Home Blogs Chemicals and the Economy Propylene price collapse highlights New Normal world

Propylene price collapse highlights New Normal world

Economic growth
By Paul Hodges on 09-Mar-2016

C3 Mar16Everyone wants to assume that markets will soon be back to “normal”.  Consensus thinking now accepts that China will be a bit slower than before – but it argues that 6.5% GDP growth is still pretty good, even if it isn’t double digit.  And it suggests that persistence, and “staying the course” is vital for success.

But what happens if the future isn’t simply a slower version of previous growth?  What happens if it really was a one-off BabyBoomer-led economic SuperCycle?  And even worse, if central bank stimulus simply created short-term demand – and left us with major debt problems for the future?

That is what the data seems to be trying to tell us, when we look at leading indicators such as the polyester market, and now propylene, as the chart above highlights:

  • It shows the ratio of propylene prices to ethylene since 1978, when price histories begin
  • And it provides the answer to the question I raised in 2012, when new propylene capacity was first discussed
  • Very clearly, propylene is going back to selling at a major discount to ethylene
  • It has already moved from near-parity to 69% of ethylene values so far this year, and will no doubt fall further

The key to the change is the new capacity now coming online.  As we note in Demand – the New Direction for Profit, major increases have been taking place in China’s capacity.  China is already using more propylene than ethylene, and its output has been increasing from refineries, olefin crackers, on-purpose plants and from coal.  In the main derivative polypropylene, for example, volume has already surged 34% on a year-to-date basis between February 2014 and February 2016, and there is a lot more capacity to come.

Abundant supplies of propylene and its main derivatives also have a second-order impact, as they encourage product substitution with other value chains.  As ICIS pricing reported in November:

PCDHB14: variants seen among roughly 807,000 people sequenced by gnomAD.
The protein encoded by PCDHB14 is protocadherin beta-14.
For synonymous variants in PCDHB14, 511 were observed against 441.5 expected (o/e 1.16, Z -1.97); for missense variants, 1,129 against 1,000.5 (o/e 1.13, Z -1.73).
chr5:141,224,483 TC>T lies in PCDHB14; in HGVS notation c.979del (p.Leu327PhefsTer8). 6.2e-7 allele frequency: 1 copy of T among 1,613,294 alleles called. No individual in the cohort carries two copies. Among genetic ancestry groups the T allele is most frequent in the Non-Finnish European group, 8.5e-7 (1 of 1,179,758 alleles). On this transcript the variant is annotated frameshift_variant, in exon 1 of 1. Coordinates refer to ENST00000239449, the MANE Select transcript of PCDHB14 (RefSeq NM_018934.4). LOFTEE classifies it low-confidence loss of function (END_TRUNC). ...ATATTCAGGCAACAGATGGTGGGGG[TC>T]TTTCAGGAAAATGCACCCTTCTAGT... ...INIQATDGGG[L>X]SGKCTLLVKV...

“China’s PE spot import prices dropped in the week, especially for HDPE injection grade. Local traders lamented that some garbage and tray factories replaced HDPE injection resins with PP copolymer resins due to lower feedstock costs. Hence, the HDPE injection grade prices dropped by about $50/tonne from the previous week.”  

Of course, not every application can be substituted.  But it can impact 10% – 25% of polyethylene, PVC, PET, polystyrene, ABS and even polycarbonate.  So the potential for major pricing upsets is large.  And there is no reason to believe that China will act as a “responsible” Western producer, cutting back output to balance demand:

  • Its aim is to maintain employment and act as a reliable supplier of critical raw materials to downstream factories
  • The Communist Party stays in power by continuing to improve people’s living standards
  • Shutting down plants, particularly the new plants built under the stimulus programme, is not on its agenda

What happens next?  Worryingly, there seems only one likely outcome – a battle for market share, in which prices for all the affected products eventually end up being set on a roll-through basis to their ultimate feedstock.  Cheap propane, oil and coal support lower prices for the propylene chain, whilst cheap natural gas and ethane support lower prices for the ethylene chain.

Developments in the paraxylene chain have already provided a clear warning of what is to come, as I discussed last week.  Developments in the propylene chain suggest it is only a matter of time before similar pricing pressures hit the other major value chains.

Companies therefore need to find alternative outlets very quickly indeed, as we discuss in the Demand Study.  Doing nothing, and hoping for the best, could prove a very risky strategy indeed.